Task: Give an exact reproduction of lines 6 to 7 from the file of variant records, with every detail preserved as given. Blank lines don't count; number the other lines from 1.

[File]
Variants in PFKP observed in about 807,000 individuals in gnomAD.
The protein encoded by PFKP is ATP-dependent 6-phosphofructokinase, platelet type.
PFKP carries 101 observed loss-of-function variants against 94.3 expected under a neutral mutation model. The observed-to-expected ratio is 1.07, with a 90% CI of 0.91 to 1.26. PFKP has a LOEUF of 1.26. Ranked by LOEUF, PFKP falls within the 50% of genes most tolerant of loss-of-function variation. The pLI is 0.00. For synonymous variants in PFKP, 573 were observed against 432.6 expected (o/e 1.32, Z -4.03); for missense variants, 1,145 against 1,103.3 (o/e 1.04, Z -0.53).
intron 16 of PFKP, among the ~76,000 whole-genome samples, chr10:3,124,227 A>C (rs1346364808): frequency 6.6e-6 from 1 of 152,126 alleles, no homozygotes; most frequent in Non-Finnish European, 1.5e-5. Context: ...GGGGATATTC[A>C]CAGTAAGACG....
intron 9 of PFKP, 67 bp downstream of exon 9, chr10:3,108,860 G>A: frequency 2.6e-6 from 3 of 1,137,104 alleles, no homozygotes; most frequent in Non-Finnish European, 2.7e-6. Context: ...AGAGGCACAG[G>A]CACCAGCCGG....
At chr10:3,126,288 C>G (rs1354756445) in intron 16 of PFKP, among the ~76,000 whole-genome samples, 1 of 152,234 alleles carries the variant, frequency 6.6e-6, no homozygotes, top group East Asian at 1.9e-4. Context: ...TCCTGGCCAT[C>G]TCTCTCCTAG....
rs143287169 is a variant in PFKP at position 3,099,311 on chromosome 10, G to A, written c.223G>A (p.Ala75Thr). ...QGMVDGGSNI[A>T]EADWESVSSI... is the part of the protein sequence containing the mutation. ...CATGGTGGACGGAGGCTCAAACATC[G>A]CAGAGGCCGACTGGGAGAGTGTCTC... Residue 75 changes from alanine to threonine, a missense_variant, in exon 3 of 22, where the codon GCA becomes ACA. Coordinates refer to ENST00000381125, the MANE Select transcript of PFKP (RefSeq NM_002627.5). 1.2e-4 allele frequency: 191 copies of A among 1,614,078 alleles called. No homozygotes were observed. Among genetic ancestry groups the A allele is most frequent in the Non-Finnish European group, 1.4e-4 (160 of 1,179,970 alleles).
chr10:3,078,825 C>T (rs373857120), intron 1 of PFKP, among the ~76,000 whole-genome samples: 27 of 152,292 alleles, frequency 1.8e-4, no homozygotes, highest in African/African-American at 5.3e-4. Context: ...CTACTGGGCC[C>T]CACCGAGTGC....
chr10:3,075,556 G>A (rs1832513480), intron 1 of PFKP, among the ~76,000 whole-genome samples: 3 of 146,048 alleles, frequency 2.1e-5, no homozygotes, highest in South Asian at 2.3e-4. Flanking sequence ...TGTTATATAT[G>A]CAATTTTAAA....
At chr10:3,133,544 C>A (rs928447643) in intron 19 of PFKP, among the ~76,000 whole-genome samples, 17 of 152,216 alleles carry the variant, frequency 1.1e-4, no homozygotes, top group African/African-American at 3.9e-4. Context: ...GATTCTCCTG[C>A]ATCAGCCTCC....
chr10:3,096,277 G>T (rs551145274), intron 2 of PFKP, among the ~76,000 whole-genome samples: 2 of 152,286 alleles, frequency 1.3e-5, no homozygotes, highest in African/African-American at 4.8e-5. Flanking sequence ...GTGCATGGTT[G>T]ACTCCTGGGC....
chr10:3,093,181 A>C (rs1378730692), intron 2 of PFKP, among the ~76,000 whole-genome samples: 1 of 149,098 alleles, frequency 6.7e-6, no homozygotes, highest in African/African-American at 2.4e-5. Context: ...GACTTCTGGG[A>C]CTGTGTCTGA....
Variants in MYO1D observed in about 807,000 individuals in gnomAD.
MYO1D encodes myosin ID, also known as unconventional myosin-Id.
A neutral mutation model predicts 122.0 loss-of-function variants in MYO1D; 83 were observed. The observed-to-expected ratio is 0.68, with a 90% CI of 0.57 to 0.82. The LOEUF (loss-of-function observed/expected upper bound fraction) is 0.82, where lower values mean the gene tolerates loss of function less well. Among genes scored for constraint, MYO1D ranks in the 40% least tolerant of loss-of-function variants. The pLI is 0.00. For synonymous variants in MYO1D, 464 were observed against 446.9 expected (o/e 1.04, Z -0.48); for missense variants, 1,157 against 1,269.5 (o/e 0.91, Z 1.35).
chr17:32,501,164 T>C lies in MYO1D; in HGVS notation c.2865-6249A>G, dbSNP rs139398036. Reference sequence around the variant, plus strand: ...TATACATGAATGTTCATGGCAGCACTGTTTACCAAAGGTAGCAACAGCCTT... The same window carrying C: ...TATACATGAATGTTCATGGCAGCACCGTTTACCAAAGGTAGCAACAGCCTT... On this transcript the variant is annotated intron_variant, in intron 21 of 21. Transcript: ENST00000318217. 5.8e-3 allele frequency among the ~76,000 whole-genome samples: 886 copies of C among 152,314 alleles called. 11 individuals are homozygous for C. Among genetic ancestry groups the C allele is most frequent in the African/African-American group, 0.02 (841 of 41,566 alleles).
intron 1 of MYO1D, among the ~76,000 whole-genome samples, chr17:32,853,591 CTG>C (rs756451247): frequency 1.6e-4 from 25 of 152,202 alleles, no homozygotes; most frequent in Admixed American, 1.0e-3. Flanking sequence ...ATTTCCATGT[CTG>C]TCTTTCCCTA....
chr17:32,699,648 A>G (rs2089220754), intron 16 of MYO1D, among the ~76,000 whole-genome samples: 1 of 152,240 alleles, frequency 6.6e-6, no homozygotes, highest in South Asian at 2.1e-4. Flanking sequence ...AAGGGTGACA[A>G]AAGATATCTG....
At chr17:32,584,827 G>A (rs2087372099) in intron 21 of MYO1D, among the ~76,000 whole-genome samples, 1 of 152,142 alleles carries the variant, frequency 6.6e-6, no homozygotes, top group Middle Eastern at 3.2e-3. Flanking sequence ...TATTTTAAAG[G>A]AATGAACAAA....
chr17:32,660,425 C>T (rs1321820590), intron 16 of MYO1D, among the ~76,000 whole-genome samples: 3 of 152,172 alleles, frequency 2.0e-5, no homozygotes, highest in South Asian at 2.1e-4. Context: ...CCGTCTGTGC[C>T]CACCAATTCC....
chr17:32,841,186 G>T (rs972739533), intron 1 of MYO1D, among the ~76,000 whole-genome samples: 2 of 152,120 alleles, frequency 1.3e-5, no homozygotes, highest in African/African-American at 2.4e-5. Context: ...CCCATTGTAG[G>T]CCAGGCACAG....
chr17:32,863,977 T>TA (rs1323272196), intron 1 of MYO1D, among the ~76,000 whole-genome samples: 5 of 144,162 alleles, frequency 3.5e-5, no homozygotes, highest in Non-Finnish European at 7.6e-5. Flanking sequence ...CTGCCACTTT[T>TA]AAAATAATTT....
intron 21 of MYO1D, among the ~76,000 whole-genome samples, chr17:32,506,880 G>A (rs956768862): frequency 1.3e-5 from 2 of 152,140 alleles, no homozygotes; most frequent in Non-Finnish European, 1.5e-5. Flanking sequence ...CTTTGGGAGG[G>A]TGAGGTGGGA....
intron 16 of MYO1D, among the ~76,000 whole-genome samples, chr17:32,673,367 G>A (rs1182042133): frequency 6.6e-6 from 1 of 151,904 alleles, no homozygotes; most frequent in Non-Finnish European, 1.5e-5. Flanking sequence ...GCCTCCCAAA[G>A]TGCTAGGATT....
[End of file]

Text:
At chr10:3,126,288 C>G (rs1354756445) in intron 16 of PFKP, among the ~76,000 whole-genome samples, 1 of 152,234 alleles carries the variant, frequency 6.6e-6, no homozygotes, top group East Asian at 1.9e-4. Context: ...TCCTGGCCAT[C>G]TCTCTCCTAG....
rs143287169 is a variant in PFKP at position 3,099,311 on chromosome 10, G to A, written c.223G>A (p.Ala75Thr). ...QGMVDGGSNI[A>T]EADWESVSSI... is the part of the protein sequence containing the mutation. ...CATGGTGGACGGAGGCTCAAACATC[G>A]CAGAGGCCGACTGGGAGAGTGTCTC... Residue 75 changes from alanine to threonine, a missense_variant, in exon 3 of 22, where the codon GCA becomes ACA. Coordinates refer to ENST00000381125, the MANE Select transcript of PFKP (RefSeq NM_002627.5). 1.2e-4 allele frequency: 191 copies of A among 1,614,078 alleles called. No homozygotes were observed. Among genetic ancestry groups the A allele is most frequent in the Non-Finnish European group, 1.4e-4 (160 of 1,179,970 alleles).